Also sometimes called the situational approach.
There is no one universally applicable set of
management principles (rules) by which to
manage organizations.
Organizations are individually different, face
different situations (contingency variables), and
require different ways of managing.
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Popular Contingency Variables

Organization size
As size increases, so do the problems of coordination.
Routineness of task technology
Routine technologies require organizational structures,
leadership styles, and control systems that differ from those
required by customized or non-routine technologies.
Environmental uncertainty
What works best in a stable and predictable environment may be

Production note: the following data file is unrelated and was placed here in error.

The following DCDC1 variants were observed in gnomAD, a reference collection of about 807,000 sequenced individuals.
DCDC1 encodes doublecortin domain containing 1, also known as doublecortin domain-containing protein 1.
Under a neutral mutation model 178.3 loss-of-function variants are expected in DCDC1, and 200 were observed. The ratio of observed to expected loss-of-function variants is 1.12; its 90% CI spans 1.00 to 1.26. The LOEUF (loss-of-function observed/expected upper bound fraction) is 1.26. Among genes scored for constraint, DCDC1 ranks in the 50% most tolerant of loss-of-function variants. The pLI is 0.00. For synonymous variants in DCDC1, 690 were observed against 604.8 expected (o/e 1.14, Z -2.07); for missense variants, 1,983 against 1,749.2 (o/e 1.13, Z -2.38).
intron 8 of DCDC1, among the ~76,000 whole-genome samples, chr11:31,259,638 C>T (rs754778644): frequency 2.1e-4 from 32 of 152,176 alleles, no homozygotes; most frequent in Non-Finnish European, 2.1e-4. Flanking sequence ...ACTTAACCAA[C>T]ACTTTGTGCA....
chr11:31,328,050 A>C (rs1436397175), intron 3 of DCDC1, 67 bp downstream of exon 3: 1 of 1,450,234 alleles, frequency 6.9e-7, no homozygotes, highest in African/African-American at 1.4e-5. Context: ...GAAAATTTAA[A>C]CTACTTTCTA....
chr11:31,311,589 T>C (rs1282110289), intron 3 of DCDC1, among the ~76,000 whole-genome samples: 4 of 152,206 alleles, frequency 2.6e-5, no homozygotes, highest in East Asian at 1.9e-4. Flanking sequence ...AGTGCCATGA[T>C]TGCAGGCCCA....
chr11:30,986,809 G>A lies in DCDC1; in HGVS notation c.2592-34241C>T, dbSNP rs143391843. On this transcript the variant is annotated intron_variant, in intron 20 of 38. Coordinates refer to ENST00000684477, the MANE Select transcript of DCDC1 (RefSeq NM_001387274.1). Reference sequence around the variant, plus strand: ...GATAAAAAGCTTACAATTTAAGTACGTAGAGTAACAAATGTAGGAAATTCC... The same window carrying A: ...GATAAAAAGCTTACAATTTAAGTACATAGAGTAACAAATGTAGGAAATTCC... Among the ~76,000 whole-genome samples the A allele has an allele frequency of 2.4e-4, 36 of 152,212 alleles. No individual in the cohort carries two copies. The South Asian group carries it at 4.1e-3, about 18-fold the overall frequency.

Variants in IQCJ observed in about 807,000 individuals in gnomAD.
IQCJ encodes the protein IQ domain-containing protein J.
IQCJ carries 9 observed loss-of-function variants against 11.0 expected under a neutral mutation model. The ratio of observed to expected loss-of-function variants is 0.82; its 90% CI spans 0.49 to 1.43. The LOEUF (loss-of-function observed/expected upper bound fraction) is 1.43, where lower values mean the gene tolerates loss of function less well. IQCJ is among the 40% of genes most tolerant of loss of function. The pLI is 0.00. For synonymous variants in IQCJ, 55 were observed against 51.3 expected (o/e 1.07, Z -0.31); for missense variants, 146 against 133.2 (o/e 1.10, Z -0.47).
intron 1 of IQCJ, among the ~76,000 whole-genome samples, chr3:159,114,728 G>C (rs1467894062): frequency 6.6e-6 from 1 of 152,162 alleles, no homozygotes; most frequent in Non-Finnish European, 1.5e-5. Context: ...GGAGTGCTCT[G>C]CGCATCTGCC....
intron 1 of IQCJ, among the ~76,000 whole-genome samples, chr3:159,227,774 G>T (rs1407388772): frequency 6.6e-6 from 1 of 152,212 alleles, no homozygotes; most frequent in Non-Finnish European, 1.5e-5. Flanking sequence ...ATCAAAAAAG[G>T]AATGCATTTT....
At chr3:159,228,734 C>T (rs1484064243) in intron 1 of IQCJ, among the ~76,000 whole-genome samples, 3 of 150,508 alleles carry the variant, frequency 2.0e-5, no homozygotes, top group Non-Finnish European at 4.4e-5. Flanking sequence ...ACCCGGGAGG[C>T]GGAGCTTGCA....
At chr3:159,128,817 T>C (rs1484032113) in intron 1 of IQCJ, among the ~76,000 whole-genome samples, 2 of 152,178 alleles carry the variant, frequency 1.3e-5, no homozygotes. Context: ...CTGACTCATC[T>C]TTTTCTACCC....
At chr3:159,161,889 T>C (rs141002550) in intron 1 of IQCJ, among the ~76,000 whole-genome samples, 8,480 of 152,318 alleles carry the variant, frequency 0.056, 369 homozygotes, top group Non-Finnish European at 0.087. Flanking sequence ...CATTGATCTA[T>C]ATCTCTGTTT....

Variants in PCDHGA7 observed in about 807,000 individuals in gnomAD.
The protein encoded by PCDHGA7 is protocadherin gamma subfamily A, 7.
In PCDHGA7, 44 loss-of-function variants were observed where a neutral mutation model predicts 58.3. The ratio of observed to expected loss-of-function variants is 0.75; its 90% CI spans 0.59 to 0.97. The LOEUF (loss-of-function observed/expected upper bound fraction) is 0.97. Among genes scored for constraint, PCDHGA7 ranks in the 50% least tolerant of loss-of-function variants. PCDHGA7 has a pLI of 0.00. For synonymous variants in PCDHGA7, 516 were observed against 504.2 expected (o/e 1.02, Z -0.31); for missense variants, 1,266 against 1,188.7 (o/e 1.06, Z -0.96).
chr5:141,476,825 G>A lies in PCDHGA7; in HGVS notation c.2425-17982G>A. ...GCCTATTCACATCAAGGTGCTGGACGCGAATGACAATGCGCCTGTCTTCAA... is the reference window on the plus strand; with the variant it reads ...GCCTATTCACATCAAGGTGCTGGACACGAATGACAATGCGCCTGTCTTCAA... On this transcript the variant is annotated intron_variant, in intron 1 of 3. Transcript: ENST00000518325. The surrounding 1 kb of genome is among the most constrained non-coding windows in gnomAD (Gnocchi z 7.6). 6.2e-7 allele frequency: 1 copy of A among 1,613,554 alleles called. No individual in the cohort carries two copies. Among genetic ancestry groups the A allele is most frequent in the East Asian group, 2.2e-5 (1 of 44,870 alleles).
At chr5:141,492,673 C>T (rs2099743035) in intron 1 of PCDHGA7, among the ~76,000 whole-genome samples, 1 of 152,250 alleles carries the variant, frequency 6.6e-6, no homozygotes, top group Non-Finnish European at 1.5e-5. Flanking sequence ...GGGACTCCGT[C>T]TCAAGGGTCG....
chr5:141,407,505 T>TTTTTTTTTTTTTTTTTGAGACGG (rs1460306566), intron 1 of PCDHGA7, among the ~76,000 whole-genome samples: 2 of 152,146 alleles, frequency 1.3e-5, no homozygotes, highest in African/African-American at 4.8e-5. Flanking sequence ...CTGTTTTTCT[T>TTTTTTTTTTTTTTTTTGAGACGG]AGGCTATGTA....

totally inappropriate in a rapidly changing and unpredictable
environment.
Individual differences
Individuals differ in terms of their desire for growth, autonomy,
tolerance of ambiguity, and expectations.

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Terms to Know
division of labor (or job quantitative approach
specialization) organizational behavior
Industrial Revolution (OB)
scientific management Hawthorne Studies
therbligs system
general administrative closed systems
theory open systems
principles of management contingency approach
bureaucracy

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What Managers Do

Managerial activities
differ by:
The functions managers
serve
The roles in which
managers operate
The dimensions of each
managers job
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Managerial Functions

Planning
Controlling

Organizing
Managing

Directing
Adapted from Exhibit 1.1